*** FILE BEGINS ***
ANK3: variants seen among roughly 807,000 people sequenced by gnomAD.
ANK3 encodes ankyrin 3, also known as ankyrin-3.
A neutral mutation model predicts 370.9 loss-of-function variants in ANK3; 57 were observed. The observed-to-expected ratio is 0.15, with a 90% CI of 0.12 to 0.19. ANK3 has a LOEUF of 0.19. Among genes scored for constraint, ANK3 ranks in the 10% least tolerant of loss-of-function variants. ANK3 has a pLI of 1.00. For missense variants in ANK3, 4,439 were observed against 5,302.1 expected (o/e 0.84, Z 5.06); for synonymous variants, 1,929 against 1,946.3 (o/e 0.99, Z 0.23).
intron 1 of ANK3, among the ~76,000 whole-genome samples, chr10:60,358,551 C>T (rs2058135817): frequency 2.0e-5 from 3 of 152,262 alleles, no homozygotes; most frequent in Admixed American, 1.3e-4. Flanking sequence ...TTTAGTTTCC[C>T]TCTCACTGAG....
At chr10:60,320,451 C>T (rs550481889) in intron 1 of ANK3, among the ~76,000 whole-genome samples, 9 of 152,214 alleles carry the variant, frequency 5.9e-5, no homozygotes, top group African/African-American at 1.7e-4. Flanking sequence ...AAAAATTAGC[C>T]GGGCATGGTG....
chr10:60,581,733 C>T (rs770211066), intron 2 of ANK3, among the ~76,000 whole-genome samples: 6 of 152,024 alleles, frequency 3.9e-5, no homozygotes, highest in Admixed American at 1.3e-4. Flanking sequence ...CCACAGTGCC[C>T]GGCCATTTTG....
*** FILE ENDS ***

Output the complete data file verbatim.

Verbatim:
ANK3: variants seen among roughly 807,000 people sequenced by gnomAD.
ANK3 encodes ankyrin 3, also known as ankyrin-3.
A neutral mutation model predicts 370.9 loss-of-function variants in ANK3; 57 were observed. The observed-to-expected ratio is 0.15, with a 90% CI of 0.12 to 0.19. ANK3 has a LOEUF of 0.19. Among genes scored for constraint, ANK3 ranks in the 10% least tolerant of loss-of-function variants. ANK3 has a pLI of 1.00. For missense variants in ANK3, 4,439 were observed against 5,302.1 expected (o/e 0.84, Z 5.06); for synonymous variants, 1,929 against 1,946.3 (o/e 0.99, Z 0.23).
intron 1 of ANK3, among the ~76,000 whole-genome samples, chr10:60,358,551 C>T (rs2058135817): frequency 2.0e-5 from 3 of 152,262 alleles, no homozygotes; most frequent in Admixed American, 1.3e-4. Flanking sequence ...TTTAGTTTCC[C>T]TCTCACTGAG....
At chr10:60,320,451 C>T (rs550481889) in intron 1 of ANK3, among the ~76,000 whole-genome samples, 9 of 152,214 alleles carry the variant, frequency 5.9e-5, no homozygotes, top group African/African-American at 1.7e-4. Flanking sequence ...AAAAATTAGC[C>T]GGGCATGGTG....
chr10:60,581,733 C>T (rs770211066), intron 2 of ANK3, among the ~76,000 whole-genome samples: 6 of 152,024 alleles, frequency 3.9e-5, no homozygotes, highest in Admixed American at 1.3e-4. Flanking sequence ...CCACAGTGCC[C>T]GGCCATTTTG....